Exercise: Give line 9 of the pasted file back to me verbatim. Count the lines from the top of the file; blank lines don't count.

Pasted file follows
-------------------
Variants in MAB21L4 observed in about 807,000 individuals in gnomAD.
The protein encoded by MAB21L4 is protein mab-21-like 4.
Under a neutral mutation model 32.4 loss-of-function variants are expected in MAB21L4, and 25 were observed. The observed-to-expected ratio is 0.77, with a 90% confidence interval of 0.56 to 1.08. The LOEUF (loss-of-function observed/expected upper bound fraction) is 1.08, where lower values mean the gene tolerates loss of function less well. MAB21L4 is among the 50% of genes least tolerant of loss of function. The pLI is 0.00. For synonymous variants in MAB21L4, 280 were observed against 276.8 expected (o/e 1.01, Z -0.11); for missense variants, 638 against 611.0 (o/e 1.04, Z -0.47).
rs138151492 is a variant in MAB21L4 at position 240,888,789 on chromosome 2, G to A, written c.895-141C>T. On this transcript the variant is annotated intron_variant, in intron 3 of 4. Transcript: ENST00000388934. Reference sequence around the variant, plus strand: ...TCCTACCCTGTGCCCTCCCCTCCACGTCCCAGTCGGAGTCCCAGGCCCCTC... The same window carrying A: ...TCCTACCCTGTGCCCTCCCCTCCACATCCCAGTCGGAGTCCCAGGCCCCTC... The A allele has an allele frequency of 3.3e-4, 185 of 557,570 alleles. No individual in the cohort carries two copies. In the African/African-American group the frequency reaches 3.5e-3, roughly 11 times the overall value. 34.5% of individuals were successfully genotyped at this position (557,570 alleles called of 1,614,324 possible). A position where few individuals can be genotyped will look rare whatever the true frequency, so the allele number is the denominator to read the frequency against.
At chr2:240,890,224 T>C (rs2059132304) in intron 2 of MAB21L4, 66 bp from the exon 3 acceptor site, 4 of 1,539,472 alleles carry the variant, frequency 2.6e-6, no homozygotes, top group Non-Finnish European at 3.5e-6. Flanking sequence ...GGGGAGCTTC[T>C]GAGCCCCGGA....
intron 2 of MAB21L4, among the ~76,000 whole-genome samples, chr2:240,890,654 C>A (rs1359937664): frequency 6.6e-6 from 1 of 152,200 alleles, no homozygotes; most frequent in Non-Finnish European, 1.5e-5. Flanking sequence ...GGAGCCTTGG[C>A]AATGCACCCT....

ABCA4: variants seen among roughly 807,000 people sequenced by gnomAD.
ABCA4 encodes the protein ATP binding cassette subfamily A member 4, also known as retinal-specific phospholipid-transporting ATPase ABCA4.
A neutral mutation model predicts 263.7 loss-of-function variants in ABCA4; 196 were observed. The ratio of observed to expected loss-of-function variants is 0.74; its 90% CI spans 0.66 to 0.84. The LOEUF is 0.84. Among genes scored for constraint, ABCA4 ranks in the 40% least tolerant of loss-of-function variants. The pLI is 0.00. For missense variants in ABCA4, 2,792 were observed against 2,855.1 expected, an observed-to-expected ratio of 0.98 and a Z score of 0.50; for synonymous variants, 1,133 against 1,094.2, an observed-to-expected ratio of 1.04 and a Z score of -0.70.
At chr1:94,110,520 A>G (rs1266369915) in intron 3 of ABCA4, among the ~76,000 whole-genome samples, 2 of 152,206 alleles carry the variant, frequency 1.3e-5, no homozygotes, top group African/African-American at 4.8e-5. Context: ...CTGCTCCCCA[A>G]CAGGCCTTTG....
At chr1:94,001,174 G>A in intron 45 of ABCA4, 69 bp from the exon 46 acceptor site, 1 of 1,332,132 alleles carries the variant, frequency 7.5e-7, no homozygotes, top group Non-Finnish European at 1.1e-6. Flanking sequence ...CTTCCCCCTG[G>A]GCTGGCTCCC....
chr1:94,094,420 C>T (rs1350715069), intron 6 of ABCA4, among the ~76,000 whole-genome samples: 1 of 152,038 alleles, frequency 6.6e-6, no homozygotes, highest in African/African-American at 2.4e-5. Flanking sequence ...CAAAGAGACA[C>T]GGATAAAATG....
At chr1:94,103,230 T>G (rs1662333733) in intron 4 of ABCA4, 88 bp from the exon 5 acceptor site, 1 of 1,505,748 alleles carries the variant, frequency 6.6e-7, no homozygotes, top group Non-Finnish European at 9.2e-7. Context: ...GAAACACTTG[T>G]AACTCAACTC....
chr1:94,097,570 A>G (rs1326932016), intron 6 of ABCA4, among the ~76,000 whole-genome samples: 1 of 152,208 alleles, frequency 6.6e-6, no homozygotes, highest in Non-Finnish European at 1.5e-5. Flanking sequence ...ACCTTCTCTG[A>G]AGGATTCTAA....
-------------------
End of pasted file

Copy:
A neutral mutation model predicts 263.7 loss-of-function variants in ABCA4; 196 were observed. The ratio of observed to expected loss-of-function variants is 0.74; its 90% CI spans 0.66 to 0.84. The LOEUF is 0.84. Among genes scored for constraint, ABCA4 ranks in the 40% least tolerant of loss-of-function variants. The pLI is 0.00. For missense variants in ABCA4, 2,792 were observed against 2,855.1 expected, an observed-to-expected ratio of 0.98 and a Z score of 0.50; for synonymous variants, 1,133 against 1,094.2, an observed-to-expected ratio of 1.04 and a Z score of -0.70.